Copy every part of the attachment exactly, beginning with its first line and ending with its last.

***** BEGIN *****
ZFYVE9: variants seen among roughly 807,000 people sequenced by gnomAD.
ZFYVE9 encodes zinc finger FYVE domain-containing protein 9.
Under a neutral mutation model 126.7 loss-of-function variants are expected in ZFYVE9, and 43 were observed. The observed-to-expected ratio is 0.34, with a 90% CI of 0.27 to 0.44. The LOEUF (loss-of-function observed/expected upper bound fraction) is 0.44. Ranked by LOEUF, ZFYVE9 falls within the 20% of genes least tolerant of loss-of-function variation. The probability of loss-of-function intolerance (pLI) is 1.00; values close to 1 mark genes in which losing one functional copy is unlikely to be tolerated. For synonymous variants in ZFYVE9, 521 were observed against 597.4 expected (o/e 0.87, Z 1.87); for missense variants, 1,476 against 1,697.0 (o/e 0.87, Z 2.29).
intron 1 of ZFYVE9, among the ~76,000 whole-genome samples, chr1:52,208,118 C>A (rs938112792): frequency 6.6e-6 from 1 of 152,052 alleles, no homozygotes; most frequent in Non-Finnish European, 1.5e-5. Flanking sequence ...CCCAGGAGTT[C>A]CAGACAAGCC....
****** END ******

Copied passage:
ZFYVE9: variants seen among roughly 807,000 people sequenced by gnomAD.
ZFYVE9 encodes zinc finger FYVE domain-containing protein 9.
Under a neutral mutation model 126.7 loss-of-function variants are expected in ZFYVE9, and 43 were observed. The observed-to-expected ratio is 0.34, with a 90% CI of 0.27 to 0.44. The LOEUF (loss-of-function observed/expected upper bound fraction) is 0.44. Ranked by LOEUF, ZFYVE9 falls within the 20% of genes least tolerant of loss-of-function variation. The probability of loss-of-function intolerance (pLI) is 1.00; values close to 1 mark genes in which losing one functional copy is unlikely to be tolerated. For synonymous variants in ZFYVE9, 521 were observed against 597.4 expected (o/e 0.87, Z 1.87); for missense variants, 1,476 against 1,697.0 (o/e 0.87, Z 2.29).
intron 1 of ZFYVE9, among the ~76,000 whole-genome samples, chr1:52,208,118 C>A (rs938112792): frequency 6.6e-6 from 1 of 152,052 alleles, no homozygotes; most frequent in Non-Finnish European, 1.5e-5. Flanking sequence ...CCCAGGAGTT[C>A]CAGACAAGCC....